Name on ID compared to signing name

If a signers name on ID says Christopher and they sign the document Chris, is that acceptable?

Your profile does not indicate what state you are in. My state, Vermont, has passed a slightly modified version of the Revised Uniform Law on Notarial Acts. One of the versions available contains official comments, and one of the comments says

Identification of an individual based on an identification credential requires some flexibility. For example, it is not uncommon that an individual’s name as used in a record may be a full name, including a full middle name; however, the name of the individual as provided on the identification credential may only use a middle initial or none at all. The inconsistency may be vice versa instead. The notarial officer should recognize these common inconsistencies when performing the identification of an individual. However, if a notarial officer is ultimately uncertain about the identity of the individual, the notarial officer should refuse to perform the notarial act (see Section 8.)

So I would consider that comment as I was deciding whether to notarize, and if so, what name I would write in the notarial certificate. But you left out a fact. The ID says Christoper. He is writing “Chris” with his pen. But how is his name printed in the document?

And how is it signed on the ID?

Problem with this is even if the notary can accept his “Chris” - if he holds title as “Christopher”, and he signs “Chris”, title/lender or document recipient may not accept it.

I instruct my signers to sign their loan docs exactly as the signature line dictates. If the loan doc signature line says Christopher Smith, I instruct him to sign name as Christopher Smith. If signer has a scribbly signature, then great. But if signature line specifies CHRISTOPHER SMITH but signer clearly signs name as CHRIS SMITH, I explain this may be rejected by title co, lender, or county reorders office. I would ask signer to correct and encourage signer to sign exactly as each signature line indicates.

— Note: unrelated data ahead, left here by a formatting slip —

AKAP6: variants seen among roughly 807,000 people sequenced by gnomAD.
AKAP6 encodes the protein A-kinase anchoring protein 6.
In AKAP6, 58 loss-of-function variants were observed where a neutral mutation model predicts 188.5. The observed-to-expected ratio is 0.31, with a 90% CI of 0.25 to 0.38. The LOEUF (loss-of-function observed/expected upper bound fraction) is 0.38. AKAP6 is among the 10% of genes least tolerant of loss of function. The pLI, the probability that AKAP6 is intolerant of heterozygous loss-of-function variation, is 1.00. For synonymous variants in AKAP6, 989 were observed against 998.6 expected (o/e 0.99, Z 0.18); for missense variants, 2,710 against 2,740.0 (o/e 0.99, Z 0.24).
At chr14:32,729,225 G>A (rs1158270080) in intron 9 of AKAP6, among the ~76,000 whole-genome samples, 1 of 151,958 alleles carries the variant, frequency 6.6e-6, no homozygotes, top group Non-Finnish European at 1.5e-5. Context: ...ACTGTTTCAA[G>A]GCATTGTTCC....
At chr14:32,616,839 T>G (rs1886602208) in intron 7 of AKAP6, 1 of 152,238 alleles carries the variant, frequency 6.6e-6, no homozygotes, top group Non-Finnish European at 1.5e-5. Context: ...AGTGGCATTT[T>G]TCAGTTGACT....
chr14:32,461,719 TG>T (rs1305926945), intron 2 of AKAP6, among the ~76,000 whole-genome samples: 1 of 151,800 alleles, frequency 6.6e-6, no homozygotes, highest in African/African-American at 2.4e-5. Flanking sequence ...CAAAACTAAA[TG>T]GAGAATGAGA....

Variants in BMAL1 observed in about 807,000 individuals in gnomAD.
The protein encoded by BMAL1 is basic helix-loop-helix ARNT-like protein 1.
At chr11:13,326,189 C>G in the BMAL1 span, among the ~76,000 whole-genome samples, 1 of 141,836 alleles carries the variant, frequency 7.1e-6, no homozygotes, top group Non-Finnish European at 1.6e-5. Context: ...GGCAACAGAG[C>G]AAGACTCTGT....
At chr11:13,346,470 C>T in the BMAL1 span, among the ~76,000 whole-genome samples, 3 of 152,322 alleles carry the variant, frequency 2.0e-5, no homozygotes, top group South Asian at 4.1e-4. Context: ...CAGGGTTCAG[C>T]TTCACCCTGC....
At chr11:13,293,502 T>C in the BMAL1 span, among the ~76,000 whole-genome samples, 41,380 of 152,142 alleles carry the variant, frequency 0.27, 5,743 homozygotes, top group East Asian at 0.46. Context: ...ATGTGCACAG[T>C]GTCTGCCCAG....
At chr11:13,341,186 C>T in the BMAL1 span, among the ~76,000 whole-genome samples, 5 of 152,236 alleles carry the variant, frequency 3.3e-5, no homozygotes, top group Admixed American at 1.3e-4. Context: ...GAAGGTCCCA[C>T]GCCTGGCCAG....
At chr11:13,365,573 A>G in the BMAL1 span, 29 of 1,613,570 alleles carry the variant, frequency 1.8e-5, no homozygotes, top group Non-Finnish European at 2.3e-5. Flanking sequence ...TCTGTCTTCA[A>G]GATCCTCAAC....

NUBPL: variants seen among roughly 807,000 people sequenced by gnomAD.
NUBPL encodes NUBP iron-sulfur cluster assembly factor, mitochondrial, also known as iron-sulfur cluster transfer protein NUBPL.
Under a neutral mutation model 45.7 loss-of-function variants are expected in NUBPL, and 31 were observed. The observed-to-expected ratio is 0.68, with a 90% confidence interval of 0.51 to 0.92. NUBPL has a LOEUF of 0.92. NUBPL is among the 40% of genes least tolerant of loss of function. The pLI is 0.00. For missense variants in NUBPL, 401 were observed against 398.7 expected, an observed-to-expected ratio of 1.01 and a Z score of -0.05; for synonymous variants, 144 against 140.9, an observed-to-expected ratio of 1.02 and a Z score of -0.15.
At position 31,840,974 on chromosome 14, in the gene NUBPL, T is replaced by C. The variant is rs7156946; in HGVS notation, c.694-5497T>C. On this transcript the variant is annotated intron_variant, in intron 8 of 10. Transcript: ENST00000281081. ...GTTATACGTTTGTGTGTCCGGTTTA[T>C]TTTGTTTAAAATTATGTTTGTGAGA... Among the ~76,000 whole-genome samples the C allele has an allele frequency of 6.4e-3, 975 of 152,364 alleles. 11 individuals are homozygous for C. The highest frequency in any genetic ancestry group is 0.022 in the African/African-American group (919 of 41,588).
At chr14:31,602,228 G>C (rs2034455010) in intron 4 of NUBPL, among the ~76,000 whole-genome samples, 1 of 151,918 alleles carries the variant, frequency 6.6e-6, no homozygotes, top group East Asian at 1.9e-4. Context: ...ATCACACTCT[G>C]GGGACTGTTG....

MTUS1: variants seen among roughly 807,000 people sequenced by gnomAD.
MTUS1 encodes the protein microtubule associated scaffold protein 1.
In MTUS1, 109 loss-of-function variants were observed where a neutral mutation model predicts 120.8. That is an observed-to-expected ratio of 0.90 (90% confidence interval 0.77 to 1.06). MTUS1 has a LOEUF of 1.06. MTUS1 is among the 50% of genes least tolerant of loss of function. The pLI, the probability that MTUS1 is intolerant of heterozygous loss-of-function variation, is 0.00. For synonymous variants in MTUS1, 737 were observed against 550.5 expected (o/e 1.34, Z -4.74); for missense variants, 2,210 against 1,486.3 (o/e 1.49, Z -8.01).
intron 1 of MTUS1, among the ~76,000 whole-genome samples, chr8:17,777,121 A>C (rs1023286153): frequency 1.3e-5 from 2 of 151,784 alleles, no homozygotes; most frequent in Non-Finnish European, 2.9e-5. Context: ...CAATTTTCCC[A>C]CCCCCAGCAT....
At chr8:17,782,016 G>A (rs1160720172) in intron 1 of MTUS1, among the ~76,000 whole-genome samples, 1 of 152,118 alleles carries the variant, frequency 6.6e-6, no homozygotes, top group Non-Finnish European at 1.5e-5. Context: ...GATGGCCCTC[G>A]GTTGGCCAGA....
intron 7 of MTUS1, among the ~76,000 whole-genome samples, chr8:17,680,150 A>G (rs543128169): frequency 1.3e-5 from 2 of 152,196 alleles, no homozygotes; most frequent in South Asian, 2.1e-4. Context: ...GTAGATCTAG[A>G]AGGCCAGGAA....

If loan doc signature line says CHRIS SMITH, then I would instruct them to sign as Chris Smith.

For their signature in my notary journal, ideally it should match the signature on the ID they presented me. But I accept whatever signature they provide me, as I understand signatures can change as we get older due to age or injury.


Nice presentation! :+1:

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I try and keep it simple on this one, as one’s signature is a “habitual” thing developed over many years of signing their name. I’m not in the business of changing “habits,” as that alone creates discrepancies. I simply tell them: “You see the way you signed your license? That’s the way you sign the docs and my log.” NEVER had a problem! Hope this helps!

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An individual’s license says his name is William Brown. However he attempted to sign, as he always does, “Bill Brown.” You tell him he has to sign his name matching what is printed on the license even though he states he ALWAYS signs, and is known as “Bill Brown.” You tell him you won’t or can’t notarize the document unless he signs as William Brown. Because he is in a hurry and needs the doc notarized he does as you have forced him to do and signs William Brown. You also have him sign your journal as William, no notes or AKA/PKA etc. Life goes on…

A year later the validity of the document is challenged in court. Let’s say Bill is disputing that he signed this document. What you have to offer as evidence are two signatures that do not match hundreds of examples over the past 20 years of his signature on documents like written checks, tax returns, legal documents, etc. It’s almost like you set yourself up… just my 5 cents, lol.

Reasonable reliance or something similar is the “standard” that should be used. Can you reasonably determine, from the identification given that the signer is who they say they are. For instance is it reasonable that somebody named Christopher would be known and sign as Chris? Do they have alternate identification? Is there a credible witness that can vouch for them (if allowed in your State)?